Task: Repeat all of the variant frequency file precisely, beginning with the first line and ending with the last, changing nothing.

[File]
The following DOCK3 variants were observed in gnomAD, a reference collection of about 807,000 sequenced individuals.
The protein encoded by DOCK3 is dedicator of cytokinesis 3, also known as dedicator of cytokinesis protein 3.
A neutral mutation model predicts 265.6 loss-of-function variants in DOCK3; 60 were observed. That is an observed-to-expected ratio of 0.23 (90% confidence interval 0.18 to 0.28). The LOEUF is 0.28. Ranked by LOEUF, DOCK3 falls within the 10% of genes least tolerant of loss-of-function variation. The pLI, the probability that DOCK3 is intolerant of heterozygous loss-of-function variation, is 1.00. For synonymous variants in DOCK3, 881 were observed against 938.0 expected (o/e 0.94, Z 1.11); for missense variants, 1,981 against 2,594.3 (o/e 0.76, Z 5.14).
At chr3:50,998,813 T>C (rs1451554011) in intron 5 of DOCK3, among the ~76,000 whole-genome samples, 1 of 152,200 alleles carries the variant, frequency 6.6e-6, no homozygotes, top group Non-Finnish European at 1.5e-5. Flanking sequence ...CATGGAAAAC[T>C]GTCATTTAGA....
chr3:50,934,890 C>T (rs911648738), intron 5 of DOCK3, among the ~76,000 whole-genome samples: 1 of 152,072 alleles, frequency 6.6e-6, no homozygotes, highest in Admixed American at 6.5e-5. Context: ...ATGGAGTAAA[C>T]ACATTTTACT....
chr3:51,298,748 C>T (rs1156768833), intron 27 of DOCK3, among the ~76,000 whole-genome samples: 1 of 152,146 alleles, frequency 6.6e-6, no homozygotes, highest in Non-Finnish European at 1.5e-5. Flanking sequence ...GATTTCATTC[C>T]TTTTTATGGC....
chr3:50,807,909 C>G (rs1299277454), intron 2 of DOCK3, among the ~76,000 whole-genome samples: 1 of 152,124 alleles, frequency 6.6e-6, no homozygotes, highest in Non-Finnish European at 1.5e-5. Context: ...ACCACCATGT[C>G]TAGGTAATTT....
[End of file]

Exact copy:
The following DOCK3 variants were observed in gnomAD, a reference collection of about 807,000 sequenced individuals.
The protein encoded by DOCK3 is dedicator of cytokinesis 3, also known as dedicator of cytokinesis protein 3.
A neutral mutation model predicts 265.6 loss-of-function variants in DOCK3; 60 were observed. That is an observed-to-expected ratio of 0.23 (90% confidence interval 0.18 to 0.28). The LOEUF is 0.28. Ranked by LOEUF, DOCK3 falls within the 10% of genes least tolerant of loss-of-function variation. The pLI, the probability that DOCK3 is intolerant of heterozygous loss-of-function variation, is 1.00. For synonymous variants in DOCK3, 881 were observed against 938.0 expected (o/e 0.94, Z 1.11); for missense variants, 1,981 against 2,594.3 (o/e 0.76, Z 5.14).
At chr3:50,998,813 T>C (rs1451554011) in intron 5 of DOCK3, among the ~76,000 whole-genome samples, 1 of 152,200 alleles carries the variant, frequency 6.6e-6, no homozygotes, top group Non-Finnish European at 1.5e-5. Flanking sequence ...CATGGAAAAC[T>C]GTCATTTAGA....
chr3:50,934,890 C>T (rs911648738), intron 5 of DOCK3, among the ~76,000 whole-genome samples: 1 of 152,072 alleles, frequency 6.6e-6, no homozygotes, highest in Admixed American at 6.5e-5. Context: ...ATGGAGTAAA[C>T]ACATTTTACT....
chr3:51,298,748 C>T (rs1156768833), intron 27 of DOCK3, among the ~76,000 whole-genome samples: 1 of 152,146 alleles, frequency 6.6e-6, no homozygotes, highest in Non-Finnish European at 1.5e-5. Flanking sequence ...GATTTCATTC[C>T]TTTTTATGGC....
chr3:50,807,909 C>G (rs1299277454), intron 2 of DOCK3, among the ~76,000 whole-genome samples: 1 of 152,124 alleles, frequency 6.6e-6, no homozygotes, highest in Non-Finnish European at 1.5e-5. Context: ...ACCACCATGT[C>G]TAGGTAATTT....